I was dead. I should not have been walking through Fortune Street Park and across Golden Lane. Drawn to Taylor Wimpey's luxury apartment block The Denizen by the siren song of Plague Pit Annie. I should have been in the underworld preparing for my next incarnation, not being lured to an investment flat I'd bought but never seen. I was dead and I had no use for any of my worldly possessions. But the siren song of Plague Pit Annie drew me through the entrance of The Denizen and up the stairs to my apartment. I'd never collected the keys to this flat and I didn't need them now. The concierge didn't see my long fingers nails and longer hair as I passed right through him. The concierge didn't see me at all. Plague Pit Annie knew I was close by and drew me in with her song. She greeted me, informed me I was to take her place in my apartment, and then she disappeared into the medieval plague pit beneath the building. Now for all of eternity I am damned to reside in an investment apartment I'd bought off-plan sight unseen.
I bought a luxury apartment in Taylor Wimpey’s The Denizen but I was forced to abandon it. When I moved in most of the other flats were empty. The concierge told me more than fifty percent of those who’d bought into this investment block hadn’t even bothered to pick up their keys. There were 99 flats in the development but mine was the only one with a live in owner. Despite being surrounded by ghost homes I regularly heard footsteps in the corridor leading to my apartment. Whenever I went to investigate no one was there. At times I heard people whispering in Middle English, talking as if they still inhabited a London that had existed hundreds of years ago. Shadows and inexplicable movements appeared in my peripheral vision. I was returning to my flat one night when something flashed before me in the hallway, then disappeared. It was gone in a second but it was the shadow of a woman wearing a long old-fashioned dress. That’s when I moved out. I could stand it no longer.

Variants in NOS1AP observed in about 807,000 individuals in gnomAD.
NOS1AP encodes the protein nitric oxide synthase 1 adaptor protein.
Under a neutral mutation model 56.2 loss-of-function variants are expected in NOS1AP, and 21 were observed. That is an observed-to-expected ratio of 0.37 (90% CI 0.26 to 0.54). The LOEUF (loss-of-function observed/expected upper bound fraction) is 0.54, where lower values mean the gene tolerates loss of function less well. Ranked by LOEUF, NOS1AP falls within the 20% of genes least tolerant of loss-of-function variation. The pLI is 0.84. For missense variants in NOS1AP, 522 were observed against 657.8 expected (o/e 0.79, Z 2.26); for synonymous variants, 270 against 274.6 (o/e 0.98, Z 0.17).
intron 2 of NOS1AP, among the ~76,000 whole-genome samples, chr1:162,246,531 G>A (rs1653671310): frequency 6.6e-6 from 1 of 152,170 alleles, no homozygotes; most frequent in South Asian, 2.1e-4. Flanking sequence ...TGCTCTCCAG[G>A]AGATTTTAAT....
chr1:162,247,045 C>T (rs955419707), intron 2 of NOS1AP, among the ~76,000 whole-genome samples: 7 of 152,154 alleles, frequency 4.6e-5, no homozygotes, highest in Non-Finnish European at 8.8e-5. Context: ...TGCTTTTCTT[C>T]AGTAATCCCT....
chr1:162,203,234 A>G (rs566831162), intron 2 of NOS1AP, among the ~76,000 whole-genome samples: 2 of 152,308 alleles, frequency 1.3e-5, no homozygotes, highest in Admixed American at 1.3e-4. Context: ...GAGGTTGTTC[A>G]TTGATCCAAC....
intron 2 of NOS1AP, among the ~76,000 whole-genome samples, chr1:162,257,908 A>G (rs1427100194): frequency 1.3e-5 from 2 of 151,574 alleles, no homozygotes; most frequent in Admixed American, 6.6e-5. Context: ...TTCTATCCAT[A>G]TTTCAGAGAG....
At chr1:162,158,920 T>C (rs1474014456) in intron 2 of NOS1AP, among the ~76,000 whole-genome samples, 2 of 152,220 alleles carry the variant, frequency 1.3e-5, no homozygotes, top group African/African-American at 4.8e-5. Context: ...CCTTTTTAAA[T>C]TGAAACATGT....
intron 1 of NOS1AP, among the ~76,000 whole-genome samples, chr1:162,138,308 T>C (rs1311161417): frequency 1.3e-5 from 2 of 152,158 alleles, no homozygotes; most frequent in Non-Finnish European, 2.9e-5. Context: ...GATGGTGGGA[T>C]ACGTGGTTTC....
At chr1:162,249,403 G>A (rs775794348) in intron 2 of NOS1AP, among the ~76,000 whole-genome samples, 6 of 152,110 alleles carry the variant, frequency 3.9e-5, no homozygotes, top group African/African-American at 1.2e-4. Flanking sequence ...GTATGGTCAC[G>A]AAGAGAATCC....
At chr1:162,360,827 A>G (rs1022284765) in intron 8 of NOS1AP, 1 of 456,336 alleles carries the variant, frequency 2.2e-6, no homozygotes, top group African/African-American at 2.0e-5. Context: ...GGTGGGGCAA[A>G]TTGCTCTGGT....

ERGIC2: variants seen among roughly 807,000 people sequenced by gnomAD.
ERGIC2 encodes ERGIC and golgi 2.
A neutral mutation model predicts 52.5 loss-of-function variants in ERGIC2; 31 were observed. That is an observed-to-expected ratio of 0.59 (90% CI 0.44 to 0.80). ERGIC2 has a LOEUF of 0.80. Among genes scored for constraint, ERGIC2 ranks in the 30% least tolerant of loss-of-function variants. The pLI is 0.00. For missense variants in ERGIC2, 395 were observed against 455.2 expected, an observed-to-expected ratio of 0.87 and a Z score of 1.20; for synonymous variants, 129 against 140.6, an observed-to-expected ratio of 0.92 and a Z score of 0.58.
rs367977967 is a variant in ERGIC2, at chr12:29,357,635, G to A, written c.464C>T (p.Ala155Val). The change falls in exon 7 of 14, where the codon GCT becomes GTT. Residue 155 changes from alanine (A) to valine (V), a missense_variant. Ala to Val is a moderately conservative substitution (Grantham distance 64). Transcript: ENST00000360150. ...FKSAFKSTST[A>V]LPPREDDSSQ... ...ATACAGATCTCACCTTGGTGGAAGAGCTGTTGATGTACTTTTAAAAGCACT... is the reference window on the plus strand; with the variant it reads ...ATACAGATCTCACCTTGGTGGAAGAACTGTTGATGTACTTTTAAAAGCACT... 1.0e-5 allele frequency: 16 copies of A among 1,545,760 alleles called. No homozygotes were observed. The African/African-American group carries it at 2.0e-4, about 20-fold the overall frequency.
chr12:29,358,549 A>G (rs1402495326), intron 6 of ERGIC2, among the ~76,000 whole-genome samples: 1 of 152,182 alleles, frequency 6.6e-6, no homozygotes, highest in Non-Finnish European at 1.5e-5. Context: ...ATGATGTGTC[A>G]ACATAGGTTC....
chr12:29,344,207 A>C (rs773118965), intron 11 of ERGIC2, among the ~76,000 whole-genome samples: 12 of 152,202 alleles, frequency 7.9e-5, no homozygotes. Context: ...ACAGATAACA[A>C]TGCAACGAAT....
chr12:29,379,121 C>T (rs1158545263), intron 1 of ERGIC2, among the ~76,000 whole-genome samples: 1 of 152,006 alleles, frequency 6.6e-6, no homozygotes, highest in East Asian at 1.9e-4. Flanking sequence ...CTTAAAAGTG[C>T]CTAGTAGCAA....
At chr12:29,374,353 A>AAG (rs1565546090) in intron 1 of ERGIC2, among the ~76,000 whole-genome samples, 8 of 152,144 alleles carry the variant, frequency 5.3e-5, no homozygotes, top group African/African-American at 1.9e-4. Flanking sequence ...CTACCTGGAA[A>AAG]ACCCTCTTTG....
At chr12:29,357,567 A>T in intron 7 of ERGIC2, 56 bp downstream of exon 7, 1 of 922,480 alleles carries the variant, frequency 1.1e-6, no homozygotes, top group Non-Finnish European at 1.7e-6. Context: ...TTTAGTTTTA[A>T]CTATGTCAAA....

There are things in our wallpaper that nobody knows but me, or ever will. Behind that outside pattern the dim shapes get clearer every day. It is always the same shape, only very numerous. And it is like a woman stooping down and creeping about behind that pattern. I don’t like it a bit. I wonder—I begin to think—I wish Chang would take me away from The Denizen! We could go home or just go somewhere else in London, I’d be happy to be anywhere that isn’t a Taylor Wimpey luxury investment apartment. The Denizen is ninety percent empty but it isn't soulless, it is creepy!
"Then there is The Denizen," said Meagle, "full of luxury apartments available at absurdly low rents and nobody will take them. It has taken toll of at least one life of every family that has lived there - however short the time - and concierge after concierge has died there. The last caretaker died just a few weeks ago."
At two there came a visitor. None other than Wong himself. He called me on my mobile from Giddy Up, the coffee stall in Fortune Street Park and summoned me there. He didn't want to enter Taylor Wimpey's The Denizen luxury apartment block and so demanded I meet him across the road. 'You must not stay here ignorant of the rumours that are afloat,' he said. 'Of course, when I let the place to Fong I knew nothing of the open door. I had no idea there was any ghost story connected with The Denizen, or I should have kept the place empty.' He wanted to know what had I seen? What did I think of the matter? Very honestly I told him I did not know what to say. The door certainly would not remain shut and there seemed no human agency to account for its persistent opening; but then on the other hand, ghosts generally did not tamper with firearms, and my pistol, though not loaded, had been tampered with. I was sure of that.
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"Death, death, death," the heart of The Denizen beats proudly. "Long years—" he sighs. "Again you found me." "Here," she murmurs, "sleeping; on a balcony reading; laughing, rolling marbles in the games room. Here we left our lives—" Stooping, their light lifts the lids upon my eyes. "Death! Death! Death!" the pulse of The Denizen beats wildly. Waking, I cry "Oh, so this your life within? It's a living death."